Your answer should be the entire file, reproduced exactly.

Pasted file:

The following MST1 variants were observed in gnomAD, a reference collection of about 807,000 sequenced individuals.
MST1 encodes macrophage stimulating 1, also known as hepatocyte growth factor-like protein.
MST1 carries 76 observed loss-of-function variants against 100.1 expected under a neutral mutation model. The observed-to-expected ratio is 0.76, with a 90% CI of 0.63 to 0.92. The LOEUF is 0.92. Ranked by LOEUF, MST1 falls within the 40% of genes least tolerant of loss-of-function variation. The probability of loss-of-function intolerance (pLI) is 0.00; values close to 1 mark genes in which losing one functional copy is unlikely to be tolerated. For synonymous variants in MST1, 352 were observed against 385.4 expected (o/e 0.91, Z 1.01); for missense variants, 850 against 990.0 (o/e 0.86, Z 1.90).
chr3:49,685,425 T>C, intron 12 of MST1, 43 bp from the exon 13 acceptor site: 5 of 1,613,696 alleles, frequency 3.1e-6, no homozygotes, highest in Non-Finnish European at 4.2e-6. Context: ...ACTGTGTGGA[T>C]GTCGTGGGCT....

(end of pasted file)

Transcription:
The following MST1 variants were observed in gnomAD, a reference collection of about 807,000 sequenced individuals.
MST1 encodes macrophage stimulating 1, also known as hepatocyte growth factor-like protein.
MST1 carries 76 observed loss-of-function variants against 100.1 expected under a neutral mutation model. The observed-to-expected ratio is 0.76, with a 90% CI of 0.63 to 0.92. The LOEUF is 0.92. Ranked by LOEUF, MST1 falls within the 40% of genes least tolerant of loss-of-function variation. The probability of loss-of-function intolerance (pLI) is 0.00; values close to 1 mark genes in which losing one functional copy is unlikely to be tolerated. For synonymous variants in MST1, 352 were observed against 385.4 expected (o/e 0.91, Z 1.01); for missense variants, 850 against 990.0 (o/e 0.86, Z 1.90).
chr3:49,685,425 T>C, intron 12 of MST1, 43 bp from the exon 13 acceptor site: 5 of 1,613,696 alleles, frequency 3.1e-6, no homozygotes, highest in Non-Finnish European at 4.2e-6. Context: ...ACTGTGTGGA[T>C]GTCGTGGGCT....